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Measurement Issues Related to Data Collection on the World Wide Web

Strickland, Ora L. RN, PhD, FAAN; Moloney, Margaret F. RN, PhD, ANP; Dietrich, Alexa S.; Myerburg, Stuart JD; Cotsonis, George A. MA; Johnson, Robert V.


As the World Wide Web has become more prominent as a mode of communication, it has opened up new possibilities for research data collection. This article identifies measurement issues that occur with Internet data collection that are relevant to qualitative and quantitative research approaches as they occurred in a triangulated Internet study of perimenopausal women with migraine headaches. Issues associated with quantitative data collection over the Internet include (a) selecting and designing Internet data collection protocols that adequately address study aims while also taking advantage of the Internet, (b) ensuring the reliability and validity of Internet data collected, (c) adapting quantitative paper-and-pencil data collection protocols for the Internet, (d) making Internet data collection practical for respondents and researchers, and (e) ensuring the quality of quantitative data collected. Qualitative data collection over the Internet needs to remain true to the philosophical stance of the qualitative approach selected. Researcher expertise in qualitative data collection must be combined with expertise in computer technology and information services if data are to be of ultimate quality. The advantages and limitations of collecting qualitative data in real time or at a later time are explored, as well as approaches to enhance qualitative data collection over the Internet. It was concluded that like any research approach or method, Internet data collection requires considerable creativity, expertise, and planning to take advantage of the technology for the collection of reliable and valid research data.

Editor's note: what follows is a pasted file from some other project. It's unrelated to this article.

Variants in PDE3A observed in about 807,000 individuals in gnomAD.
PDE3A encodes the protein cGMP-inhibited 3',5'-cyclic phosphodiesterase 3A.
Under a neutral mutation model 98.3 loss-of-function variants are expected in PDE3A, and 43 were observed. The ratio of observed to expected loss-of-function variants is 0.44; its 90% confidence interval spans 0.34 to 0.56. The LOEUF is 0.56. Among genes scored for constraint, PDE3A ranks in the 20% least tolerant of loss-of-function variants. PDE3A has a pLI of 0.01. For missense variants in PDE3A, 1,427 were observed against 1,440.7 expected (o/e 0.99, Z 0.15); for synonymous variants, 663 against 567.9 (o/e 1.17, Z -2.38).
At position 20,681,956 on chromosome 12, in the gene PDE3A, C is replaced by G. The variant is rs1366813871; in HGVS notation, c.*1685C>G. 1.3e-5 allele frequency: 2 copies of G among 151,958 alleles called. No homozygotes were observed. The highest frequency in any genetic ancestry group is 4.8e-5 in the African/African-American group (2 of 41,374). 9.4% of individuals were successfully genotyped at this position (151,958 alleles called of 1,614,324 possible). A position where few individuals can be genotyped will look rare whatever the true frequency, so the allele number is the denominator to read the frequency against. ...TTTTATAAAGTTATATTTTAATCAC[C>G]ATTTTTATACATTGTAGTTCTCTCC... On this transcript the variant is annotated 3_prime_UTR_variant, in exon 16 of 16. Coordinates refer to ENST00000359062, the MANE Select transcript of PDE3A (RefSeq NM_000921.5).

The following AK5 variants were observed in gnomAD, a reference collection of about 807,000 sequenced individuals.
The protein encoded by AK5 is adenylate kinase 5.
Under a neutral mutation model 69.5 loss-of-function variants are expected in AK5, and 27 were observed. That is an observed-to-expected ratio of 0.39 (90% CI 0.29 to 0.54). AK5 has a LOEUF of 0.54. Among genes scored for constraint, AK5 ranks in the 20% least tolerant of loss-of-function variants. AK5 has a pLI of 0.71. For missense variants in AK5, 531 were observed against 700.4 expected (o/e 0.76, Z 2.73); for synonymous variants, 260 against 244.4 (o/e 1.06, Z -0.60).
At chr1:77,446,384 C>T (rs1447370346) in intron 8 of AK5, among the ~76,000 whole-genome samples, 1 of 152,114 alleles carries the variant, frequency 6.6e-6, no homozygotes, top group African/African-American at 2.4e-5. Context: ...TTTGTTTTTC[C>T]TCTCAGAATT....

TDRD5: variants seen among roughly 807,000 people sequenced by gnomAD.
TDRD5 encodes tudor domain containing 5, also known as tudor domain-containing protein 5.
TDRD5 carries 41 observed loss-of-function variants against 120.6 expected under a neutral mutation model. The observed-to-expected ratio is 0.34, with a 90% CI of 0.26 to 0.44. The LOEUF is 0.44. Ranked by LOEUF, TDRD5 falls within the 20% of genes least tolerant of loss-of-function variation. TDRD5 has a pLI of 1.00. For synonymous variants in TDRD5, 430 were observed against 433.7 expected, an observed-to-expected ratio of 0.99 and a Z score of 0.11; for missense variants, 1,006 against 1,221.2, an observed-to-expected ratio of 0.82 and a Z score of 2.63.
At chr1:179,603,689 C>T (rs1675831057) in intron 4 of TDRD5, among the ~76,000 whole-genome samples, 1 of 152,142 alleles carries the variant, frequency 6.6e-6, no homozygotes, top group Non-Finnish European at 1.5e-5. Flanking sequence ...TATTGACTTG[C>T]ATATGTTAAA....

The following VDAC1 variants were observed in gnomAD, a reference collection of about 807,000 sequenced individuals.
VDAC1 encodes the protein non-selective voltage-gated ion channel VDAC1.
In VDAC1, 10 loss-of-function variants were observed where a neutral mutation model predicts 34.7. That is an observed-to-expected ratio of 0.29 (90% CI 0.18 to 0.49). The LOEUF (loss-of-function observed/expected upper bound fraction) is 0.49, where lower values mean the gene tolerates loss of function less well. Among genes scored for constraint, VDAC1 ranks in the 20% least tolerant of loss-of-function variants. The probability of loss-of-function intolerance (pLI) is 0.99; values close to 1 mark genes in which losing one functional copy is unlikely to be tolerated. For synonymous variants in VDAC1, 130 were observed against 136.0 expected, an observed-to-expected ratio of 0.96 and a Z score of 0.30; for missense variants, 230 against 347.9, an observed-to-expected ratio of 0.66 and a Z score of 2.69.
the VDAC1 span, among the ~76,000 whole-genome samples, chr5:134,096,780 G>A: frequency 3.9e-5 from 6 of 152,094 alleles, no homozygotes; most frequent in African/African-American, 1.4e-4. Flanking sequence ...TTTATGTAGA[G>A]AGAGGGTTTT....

From the Nell Hodgson Woodruff School of Nursing, Emory University, Atlanta, Ga. (Strickland, Moloney)

Department of Anthropology, Emory University, Atlanta, Ga. (Dietrich)

Rollins School of Public Health, Emory University, Atlanta, Ga. (Myerburg, Cotsonis, Johnson)

This article is based on a study supported by NIH Grant No. R15 NR05303.

Corresponding author: Ora L. Strickland, RN, PhD, FAAN, Nell Hodgson Woodruff School of Nursing, 1520 Clifton Rd. N.E., Atlanta, GA 30322 (e-mail:

© 2003 Lippincott Williams & Wilkins, Inc.